The first case of Covid-19 in Kosovo was registered later than other regional countries. Nevertheless, the government took
numerous decisions prior to the first case by imposing a few restrictive measures and established coordinating mechanisms to handle the pandemic. However, the government of Kosovo was not dealing only with the imminent and unpredictable Covid-19 pandemic.
Disagreements between the coalition parties, including the president of the country, on how to deal with coronavirus further shook the government. The disagreements were articulated at the National Security Council and later on publicly when the president recommended that a state emergency should be declared, which would entail shifting the government’s power to the National Security Council chaired by the president – a political rival of the prime minister. According to the constitution, the decree for a state of emergency is sent to parliament after consultation with the prime minister. President Thaçi never sent the decree to parliament. This option was opposed by the prime minister yet supported publicly by the minister of internal affairs – representing the other coalition member.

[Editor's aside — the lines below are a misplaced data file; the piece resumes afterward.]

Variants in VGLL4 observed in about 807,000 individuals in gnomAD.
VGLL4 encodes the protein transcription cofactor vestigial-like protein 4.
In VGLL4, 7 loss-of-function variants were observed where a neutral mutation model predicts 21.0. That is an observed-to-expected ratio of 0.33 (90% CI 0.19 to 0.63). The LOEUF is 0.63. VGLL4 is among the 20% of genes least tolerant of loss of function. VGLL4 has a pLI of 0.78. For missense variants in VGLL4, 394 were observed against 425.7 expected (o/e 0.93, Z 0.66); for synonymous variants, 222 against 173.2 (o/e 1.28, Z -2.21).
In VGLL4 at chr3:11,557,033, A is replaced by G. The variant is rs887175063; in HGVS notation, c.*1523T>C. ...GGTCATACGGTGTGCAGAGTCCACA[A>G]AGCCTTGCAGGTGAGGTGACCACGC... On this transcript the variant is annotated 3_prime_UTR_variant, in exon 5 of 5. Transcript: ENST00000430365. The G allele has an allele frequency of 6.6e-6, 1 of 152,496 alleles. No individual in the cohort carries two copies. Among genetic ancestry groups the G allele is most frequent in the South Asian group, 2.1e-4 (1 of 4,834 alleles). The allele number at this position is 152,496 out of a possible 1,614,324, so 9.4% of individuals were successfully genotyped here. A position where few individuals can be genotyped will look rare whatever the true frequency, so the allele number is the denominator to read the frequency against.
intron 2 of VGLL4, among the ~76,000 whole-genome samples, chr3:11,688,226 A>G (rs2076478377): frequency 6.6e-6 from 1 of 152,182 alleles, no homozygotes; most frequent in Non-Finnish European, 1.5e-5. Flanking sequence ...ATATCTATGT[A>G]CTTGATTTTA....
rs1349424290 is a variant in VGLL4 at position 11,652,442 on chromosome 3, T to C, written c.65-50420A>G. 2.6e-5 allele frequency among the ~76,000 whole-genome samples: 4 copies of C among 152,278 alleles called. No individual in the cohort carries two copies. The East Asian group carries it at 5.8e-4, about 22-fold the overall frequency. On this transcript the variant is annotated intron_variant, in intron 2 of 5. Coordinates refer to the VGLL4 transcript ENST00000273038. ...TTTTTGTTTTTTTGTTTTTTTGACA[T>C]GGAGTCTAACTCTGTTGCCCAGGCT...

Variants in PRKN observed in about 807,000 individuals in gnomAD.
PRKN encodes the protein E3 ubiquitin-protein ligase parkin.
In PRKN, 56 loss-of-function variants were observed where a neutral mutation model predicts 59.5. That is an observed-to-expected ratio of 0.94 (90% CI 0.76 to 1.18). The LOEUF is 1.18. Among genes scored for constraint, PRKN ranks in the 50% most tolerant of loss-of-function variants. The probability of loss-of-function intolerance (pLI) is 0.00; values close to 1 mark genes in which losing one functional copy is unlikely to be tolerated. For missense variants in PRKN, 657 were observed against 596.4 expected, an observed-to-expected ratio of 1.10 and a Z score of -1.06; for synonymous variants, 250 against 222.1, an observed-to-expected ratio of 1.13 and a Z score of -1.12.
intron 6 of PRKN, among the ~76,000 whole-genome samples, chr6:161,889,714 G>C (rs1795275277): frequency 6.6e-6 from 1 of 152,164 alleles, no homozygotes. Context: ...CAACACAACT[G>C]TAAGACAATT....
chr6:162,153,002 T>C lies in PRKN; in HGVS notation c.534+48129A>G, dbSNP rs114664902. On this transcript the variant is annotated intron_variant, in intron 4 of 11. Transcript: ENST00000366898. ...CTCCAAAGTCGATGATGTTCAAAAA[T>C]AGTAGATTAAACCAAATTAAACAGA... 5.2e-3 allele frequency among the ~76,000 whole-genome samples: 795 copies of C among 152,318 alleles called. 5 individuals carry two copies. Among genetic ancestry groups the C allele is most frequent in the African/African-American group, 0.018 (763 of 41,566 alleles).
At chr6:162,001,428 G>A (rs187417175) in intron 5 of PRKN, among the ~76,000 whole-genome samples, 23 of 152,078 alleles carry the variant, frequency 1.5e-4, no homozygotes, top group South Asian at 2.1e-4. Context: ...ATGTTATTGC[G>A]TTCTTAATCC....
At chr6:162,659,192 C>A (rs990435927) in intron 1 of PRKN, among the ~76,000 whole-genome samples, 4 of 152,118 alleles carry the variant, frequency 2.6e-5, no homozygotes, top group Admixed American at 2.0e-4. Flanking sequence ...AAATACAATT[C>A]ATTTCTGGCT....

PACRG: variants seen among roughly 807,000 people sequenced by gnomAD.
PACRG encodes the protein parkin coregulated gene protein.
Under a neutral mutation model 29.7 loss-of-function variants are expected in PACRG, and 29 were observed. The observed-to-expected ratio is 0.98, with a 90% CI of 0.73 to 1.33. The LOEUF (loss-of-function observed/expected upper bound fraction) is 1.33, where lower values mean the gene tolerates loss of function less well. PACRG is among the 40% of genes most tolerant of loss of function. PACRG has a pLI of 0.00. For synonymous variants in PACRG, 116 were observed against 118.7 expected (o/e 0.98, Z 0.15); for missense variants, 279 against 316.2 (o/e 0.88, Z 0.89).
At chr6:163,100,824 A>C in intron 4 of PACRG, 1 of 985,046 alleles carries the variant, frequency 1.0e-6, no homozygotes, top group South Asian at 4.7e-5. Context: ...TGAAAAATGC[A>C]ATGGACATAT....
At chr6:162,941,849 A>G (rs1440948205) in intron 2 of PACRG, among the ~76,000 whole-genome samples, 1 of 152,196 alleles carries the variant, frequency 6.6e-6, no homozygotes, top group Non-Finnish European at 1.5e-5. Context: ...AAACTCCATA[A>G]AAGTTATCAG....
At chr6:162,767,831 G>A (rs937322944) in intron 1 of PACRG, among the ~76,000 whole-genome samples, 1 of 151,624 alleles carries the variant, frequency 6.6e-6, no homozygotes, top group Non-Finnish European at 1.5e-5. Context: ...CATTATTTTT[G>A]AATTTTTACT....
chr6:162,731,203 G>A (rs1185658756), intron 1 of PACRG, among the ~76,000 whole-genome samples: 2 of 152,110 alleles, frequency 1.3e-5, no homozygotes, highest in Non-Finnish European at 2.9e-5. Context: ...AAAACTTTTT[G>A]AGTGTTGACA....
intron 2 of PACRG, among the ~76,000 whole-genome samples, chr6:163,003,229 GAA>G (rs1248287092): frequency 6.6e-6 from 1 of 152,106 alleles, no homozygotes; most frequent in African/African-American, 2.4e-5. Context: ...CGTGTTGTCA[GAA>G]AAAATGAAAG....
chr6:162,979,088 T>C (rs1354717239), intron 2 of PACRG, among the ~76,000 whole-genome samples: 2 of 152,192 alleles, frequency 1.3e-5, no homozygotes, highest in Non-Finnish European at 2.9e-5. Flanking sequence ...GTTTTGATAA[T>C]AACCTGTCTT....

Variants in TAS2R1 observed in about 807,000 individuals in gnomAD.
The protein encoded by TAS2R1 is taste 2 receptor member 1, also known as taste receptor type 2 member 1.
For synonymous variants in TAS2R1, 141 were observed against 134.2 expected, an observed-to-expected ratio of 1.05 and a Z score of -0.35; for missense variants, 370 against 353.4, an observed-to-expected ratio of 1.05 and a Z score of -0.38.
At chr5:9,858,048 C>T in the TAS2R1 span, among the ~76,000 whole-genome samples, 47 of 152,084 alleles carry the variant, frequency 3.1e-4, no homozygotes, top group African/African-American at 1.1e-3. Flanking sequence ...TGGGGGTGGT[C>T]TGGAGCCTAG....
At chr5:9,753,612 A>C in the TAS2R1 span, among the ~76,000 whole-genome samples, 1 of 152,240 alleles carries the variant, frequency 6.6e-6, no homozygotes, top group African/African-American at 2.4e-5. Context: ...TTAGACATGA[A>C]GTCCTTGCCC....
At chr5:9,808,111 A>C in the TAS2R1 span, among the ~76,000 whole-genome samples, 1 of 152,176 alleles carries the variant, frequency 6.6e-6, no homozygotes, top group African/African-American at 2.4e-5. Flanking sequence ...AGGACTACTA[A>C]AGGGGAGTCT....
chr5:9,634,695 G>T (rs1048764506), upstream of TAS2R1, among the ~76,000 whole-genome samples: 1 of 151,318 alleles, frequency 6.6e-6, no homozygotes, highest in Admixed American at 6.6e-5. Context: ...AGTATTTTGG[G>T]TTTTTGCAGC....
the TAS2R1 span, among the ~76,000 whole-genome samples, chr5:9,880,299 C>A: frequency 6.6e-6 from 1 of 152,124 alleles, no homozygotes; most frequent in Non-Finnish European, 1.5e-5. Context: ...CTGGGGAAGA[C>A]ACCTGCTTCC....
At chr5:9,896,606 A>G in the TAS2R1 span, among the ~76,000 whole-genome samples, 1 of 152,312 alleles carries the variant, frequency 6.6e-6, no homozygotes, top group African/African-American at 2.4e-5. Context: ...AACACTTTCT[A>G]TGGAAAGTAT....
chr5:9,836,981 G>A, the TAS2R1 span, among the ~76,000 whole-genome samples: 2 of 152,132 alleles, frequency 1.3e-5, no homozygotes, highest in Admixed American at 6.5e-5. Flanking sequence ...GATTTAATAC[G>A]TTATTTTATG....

The prime minister dismissed the minister of internal affairs precipitating arguing that he had spread panic through comments that ‘the number of those affected is increasing by the hour’ at a time when only 20 people were infected with the coronavirus and no death related to the virus had been recorded.
The political disagreements between the coalition parties in the midst of the coronavirus incited a popular response when people went to their balconies and protested by banging their pots; civil society organisations also called upon the political parties to reach a consensus and avoid a motion of no confidence during the pandemic period.
Table of contents
2. Handling of Covid-19: Two Governments
2.2. Health Sector
2.4. The Impact on the Economy
2.5. Judicial System
3. Gender and Covid-19
4. The International Players in the Fight Against Covid-19 in Kosovo